Ryman Healthcare Australia’s first CEO Cameron Holland’s life could look very different had he accepted the offer of a place at a prestigious music school.
Blessed with both academic ability and musical talent, Cameron found himself choosing between the Melbourne Conservatorium of Music where his skill playing the double bass caught the eye of examiners or studying business at Monash University.
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Having held senior leadership positions with Australian Unity and Jetstar, and most recently as the CEO of Luxury Escapes, Cameron says he is pleased he chose the latter.
“It was probably a pretty mature decision for a 17-year-old, but I thought it would be easier to have a business role and I could always do music on the side,” he says.
“It’s harder to do it the other way around.
“The only flaw in that plan is having the time to do something on the side. I was pleased to hear that Ryman sponsors the MSO though!”
While he says he doesn’t have a lot of spare time after work, as a father to 10-year-old Bella and 7-year-old Sophie, in his downtime Cameron swaps the title of ‘CEO’ for ‘taxi driver’.
The Holland family, a bunch of intrepid travelers, are looking forward to more overseas adventures when borders reopen.
“There is a lot of music lessons and sport on at the moment, so during the weekend I’m dad’s taxi, and then we might go bike riding at the beach, visit friends and family or play tennis,” he says.
“They [Bella and Sophie] seem to have a new thing every week.”
It was while working for Australian Unity as the Chief Operating Officer, running the company’s retirement living, aged care and home care divisions, that Cameron discovered a passion for genealogy.
“I’m really fascinated by family history, so I’m the chief documenter, I’m the one with the Ancestry account finding our family's secrets all the time.”
He hopes that what he discovers will be of value to his children in the future.
“What I’ve noticed having kids is I want to make sure they know their grandparents and their stories, because when you’re a child you don’t really care about the history, that comes later, often when it’s too late.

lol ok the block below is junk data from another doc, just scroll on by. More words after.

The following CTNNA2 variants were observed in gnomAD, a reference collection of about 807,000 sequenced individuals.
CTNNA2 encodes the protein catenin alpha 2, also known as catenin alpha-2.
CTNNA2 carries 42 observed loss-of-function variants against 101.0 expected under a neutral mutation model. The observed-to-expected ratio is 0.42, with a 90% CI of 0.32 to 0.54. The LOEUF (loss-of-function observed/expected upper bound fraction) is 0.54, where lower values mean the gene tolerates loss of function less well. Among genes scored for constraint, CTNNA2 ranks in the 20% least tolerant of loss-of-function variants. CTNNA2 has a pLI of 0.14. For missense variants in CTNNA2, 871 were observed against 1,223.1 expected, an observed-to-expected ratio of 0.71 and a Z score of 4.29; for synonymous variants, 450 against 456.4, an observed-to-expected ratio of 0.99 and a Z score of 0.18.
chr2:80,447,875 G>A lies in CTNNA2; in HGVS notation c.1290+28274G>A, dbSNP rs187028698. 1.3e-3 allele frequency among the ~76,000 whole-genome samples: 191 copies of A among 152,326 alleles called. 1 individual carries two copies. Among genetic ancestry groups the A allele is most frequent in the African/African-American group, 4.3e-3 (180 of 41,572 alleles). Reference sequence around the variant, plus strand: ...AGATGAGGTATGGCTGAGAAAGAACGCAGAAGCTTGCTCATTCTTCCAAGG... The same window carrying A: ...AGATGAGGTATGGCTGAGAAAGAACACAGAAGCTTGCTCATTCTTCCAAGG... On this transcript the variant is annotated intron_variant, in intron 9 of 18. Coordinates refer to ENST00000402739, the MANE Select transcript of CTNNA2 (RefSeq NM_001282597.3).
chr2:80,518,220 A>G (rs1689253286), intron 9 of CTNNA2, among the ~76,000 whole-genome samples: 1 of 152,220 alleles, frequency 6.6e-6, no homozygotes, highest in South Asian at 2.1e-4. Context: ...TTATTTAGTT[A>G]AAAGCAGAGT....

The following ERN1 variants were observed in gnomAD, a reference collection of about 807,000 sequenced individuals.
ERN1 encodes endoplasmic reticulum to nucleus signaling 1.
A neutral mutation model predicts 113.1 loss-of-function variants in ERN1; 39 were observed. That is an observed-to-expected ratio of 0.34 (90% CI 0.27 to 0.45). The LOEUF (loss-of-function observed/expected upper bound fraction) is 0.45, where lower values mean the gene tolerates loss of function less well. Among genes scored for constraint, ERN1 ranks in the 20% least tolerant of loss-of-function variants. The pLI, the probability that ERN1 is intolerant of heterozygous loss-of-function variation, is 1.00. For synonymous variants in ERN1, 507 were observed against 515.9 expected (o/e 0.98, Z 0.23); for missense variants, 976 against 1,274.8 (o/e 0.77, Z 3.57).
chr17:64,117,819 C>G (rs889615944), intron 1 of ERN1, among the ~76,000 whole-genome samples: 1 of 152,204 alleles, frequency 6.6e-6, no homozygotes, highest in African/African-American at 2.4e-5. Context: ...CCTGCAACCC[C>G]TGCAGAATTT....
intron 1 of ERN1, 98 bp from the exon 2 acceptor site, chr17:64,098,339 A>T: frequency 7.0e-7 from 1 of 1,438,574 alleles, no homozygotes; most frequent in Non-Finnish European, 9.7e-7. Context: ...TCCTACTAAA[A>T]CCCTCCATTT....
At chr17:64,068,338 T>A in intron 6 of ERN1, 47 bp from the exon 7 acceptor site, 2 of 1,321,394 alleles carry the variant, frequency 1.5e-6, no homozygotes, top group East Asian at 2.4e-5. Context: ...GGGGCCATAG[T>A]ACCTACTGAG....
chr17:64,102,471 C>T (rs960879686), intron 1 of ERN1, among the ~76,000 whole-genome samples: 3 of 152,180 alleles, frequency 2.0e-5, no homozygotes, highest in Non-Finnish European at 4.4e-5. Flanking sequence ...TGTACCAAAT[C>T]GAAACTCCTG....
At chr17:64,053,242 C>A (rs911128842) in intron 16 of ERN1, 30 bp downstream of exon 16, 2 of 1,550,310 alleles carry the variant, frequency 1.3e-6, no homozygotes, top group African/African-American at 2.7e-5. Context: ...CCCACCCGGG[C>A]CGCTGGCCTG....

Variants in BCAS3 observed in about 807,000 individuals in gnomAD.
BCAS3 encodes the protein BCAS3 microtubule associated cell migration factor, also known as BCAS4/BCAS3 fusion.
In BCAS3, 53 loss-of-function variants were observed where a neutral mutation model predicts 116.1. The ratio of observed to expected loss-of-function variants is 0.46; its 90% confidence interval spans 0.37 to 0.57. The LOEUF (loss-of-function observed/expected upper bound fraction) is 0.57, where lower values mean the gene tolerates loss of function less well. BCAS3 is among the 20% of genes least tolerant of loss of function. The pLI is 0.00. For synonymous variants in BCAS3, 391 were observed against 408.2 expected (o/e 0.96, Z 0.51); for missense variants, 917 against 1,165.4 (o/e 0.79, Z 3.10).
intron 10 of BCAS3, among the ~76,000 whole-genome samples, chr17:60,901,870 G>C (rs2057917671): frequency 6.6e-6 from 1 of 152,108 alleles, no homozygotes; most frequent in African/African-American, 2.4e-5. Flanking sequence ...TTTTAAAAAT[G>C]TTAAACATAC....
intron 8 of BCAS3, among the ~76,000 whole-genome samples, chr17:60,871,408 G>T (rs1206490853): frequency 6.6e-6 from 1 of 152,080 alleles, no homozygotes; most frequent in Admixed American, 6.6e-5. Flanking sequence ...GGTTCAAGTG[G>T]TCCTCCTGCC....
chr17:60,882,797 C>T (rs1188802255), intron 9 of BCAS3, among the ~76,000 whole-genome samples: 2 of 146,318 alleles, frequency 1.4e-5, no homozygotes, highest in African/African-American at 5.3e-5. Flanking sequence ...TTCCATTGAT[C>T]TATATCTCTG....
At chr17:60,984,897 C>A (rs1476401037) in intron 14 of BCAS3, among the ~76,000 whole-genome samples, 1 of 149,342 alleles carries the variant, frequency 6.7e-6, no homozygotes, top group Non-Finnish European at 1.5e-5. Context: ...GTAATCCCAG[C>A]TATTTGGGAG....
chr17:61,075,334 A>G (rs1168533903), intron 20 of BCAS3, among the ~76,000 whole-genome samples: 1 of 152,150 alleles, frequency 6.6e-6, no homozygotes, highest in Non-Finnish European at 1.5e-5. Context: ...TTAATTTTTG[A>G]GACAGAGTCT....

“I had a conversation with my grandmother before she passed away. She had pretty serious dementia, but when she talked about her early life it all came back and she became quite animated and energetic.
“I never recorded it, which really annoyed me because it would have been fascinating to watch later and share with my family. There were some cracking stories!”
Cameron speaks to residents at Nellie Melba Retirement Village about his plans for Ryman's future in Australia.
Cameron’s latest project has been to interview his father, mother, and aunts on camera to ensure their stories are documented.
He also enjoys sharing his passion for travel with his family.
Having got a taste for “the real Japanese life” as a high school and university exchange student, he and his family have returned to the country many times.
“We prefer depth over breadth. It might be strange, but I like to be able to return to the same café, restaurant or museum we enjoyed last time.”
When travel restrictions allow, the intrepid family plan to add Portugal, Morocco, and other parts of northern Africa to their list of countries visited.
For now, though, Cameron is diving headfirst into his newest adventure, as the first CEO of Ryman Australia.
“I like purpose-driven companies, ones that are actually contributing to society, that are also commercially savvy and growing” he says.
“I’m excited about getting stuck in and kicking some more goals with Ryman.”